With attendance at our National Parks dropping significantly while children increasingly choose video games and internet chat forums over the great outdoors it may come as no surprise to Treehuggers everywhere that something needs to be done. That’s probably why Congressman John Sarbanes (D-MD) has introduced the No Child Left Inside Act of 2007 (H.R. 3036) to be put inside the reauthorization of the No Child Left Behind Act (NCLB)… As anyone inside of education can tell you, NCLB has serious drawbacks, just one of which may be that it’s requirements are encouraging teachers and schools to move away from engaging kids outdoors and leaving them far behind when it comes to an understanding of environmental issues. But this piece of legislation aims to change all that by providing incentives for state educational agencies to create a State Environmental Literacy Plan for integrating environmental education into their K-12 curriculum to ensure that graduates are environmentally literate. One of the biggest flaws in NCLB itself has been that it doesn’t provide the funding to implement its requirements, so the No Child Left Inside Act also aims to provide funding to help states, schools systems, and environmental education partners to actually implement their State Environmental Literacy Plan after they create it. And recognizing that teachers need training and increased personal awareness themselves it will also work to create opportunities to improve teacher training, including field-based training in environmental education and connecting children with nature. All of which sounds great to me. Hopefully more members of congress will see the light and jump on the bandwagon. If implemented it would certainly be a terrific step in the right direction, and not too unlike the one taken in parts of Canada recently to integrate environmental literacy across the curriculum from K-12 as well.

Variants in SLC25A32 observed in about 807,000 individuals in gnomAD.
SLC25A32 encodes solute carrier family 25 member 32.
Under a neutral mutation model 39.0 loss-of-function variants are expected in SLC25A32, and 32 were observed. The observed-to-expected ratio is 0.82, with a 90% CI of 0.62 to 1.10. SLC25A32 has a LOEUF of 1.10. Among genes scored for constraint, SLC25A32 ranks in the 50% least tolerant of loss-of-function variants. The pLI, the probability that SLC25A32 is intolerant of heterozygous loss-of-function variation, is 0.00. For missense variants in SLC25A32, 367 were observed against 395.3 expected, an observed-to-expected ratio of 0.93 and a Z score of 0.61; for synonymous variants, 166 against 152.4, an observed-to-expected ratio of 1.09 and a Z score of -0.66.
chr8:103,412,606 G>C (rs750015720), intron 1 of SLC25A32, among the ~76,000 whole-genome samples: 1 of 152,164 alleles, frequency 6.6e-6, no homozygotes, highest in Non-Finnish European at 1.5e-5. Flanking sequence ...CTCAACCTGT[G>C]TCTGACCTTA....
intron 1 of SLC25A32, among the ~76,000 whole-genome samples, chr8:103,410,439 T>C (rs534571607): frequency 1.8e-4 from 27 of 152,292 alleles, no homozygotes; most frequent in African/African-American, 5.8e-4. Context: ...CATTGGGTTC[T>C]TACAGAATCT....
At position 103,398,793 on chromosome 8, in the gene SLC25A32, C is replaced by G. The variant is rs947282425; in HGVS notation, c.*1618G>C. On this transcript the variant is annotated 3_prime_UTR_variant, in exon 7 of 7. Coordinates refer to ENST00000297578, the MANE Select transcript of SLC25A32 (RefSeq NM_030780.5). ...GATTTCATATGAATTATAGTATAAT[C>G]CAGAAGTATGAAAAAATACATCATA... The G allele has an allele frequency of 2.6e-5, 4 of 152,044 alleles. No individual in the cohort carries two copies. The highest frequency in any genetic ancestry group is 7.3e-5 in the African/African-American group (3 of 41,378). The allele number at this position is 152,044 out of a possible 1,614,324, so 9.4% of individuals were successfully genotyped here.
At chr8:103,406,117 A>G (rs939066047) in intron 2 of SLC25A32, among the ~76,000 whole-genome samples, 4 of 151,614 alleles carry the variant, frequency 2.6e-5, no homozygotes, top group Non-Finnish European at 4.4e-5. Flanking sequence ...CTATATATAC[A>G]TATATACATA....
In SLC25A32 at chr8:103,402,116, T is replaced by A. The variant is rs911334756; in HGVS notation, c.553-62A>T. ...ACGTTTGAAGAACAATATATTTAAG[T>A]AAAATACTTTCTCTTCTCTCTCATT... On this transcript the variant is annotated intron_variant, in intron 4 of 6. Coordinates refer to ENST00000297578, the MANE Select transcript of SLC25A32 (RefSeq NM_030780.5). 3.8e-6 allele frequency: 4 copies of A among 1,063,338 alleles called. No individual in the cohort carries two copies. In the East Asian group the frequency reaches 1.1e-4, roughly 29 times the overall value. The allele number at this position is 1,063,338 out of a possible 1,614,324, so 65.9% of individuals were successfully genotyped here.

To turbo-charge all of this I’d like to make one simple suggestion…. Include some measure to help kids at every stage of the educational process understand what’s going on today in the world around them across every discipline. It’s just too easy for kids in the first world to remain in a sort of gilded cocoon, while blissfully unaware of realities across the world that will have direct implications on their future lifestyle… Of course, they may not choose to incorporate that information into their MySpace page, but if teachers and parents consistently and genuinely take the time to make them aware of what’s happening and how it impacts them personally I cannot see how it won’t lead them to make better choices for themselves and for the planet.